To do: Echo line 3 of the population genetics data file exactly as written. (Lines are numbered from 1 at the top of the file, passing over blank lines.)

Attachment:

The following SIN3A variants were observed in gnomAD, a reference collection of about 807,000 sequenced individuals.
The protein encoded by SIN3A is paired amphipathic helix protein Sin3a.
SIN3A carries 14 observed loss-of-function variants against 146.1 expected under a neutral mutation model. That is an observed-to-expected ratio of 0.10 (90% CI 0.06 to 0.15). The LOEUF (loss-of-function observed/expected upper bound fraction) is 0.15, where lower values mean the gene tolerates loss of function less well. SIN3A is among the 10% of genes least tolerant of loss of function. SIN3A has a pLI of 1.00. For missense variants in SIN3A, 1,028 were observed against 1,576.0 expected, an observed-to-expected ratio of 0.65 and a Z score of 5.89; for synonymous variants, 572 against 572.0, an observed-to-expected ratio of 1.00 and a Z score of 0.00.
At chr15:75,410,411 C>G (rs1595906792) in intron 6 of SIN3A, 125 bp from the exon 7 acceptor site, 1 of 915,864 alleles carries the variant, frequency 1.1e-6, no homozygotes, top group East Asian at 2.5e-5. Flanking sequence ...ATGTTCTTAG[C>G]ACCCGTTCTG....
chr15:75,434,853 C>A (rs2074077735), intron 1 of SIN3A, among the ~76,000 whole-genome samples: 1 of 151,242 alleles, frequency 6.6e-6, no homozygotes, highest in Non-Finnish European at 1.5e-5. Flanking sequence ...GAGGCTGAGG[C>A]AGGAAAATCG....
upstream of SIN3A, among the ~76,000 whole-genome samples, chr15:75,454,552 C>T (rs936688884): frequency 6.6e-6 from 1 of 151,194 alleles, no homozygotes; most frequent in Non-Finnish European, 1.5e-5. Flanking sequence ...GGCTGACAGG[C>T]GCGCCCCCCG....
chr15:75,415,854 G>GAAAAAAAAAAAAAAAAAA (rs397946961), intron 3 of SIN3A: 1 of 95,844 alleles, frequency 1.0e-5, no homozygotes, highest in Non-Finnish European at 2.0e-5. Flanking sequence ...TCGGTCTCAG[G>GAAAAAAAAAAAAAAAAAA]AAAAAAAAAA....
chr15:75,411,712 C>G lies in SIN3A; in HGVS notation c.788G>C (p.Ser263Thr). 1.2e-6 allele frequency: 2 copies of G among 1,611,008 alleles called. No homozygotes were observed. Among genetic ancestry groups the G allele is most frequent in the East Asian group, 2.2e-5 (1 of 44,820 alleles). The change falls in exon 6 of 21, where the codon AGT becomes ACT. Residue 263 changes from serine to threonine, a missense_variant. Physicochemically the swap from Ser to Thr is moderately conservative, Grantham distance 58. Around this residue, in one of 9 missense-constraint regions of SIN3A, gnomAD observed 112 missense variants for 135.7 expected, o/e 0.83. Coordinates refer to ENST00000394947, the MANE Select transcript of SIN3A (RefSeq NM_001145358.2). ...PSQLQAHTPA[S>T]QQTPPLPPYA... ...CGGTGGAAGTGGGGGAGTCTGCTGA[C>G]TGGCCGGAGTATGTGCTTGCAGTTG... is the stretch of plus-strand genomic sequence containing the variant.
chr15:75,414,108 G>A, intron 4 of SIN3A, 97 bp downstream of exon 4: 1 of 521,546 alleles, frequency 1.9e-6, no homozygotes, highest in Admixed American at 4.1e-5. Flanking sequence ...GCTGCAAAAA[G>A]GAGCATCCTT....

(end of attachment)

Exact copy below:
SIN3A carries 14 observed loss-of-function variants against 146.1 expected under a neutral mutation model. That is an observed-to-expected ratio of 0.10 (90% CI 0.06 to 0.15). The LOEUF (loss-of-function observed/expected upper bound fraction) is 0.15, where lower values mean the gene tolerates loss of function less well. SIN3A is among the 10% of genes least tolerant of loss of function. SIN3A has a pLI of 1.00. For missense variants in SIN3A, 1,028 were observed against 1,576.0 expected, an observed-to-expected ratio of 0.65 and a Z score of 5.89; for synonymous variants, 572 against 572.0, an observed-to-expected ratio of 1.00 and a Z score of 0.00.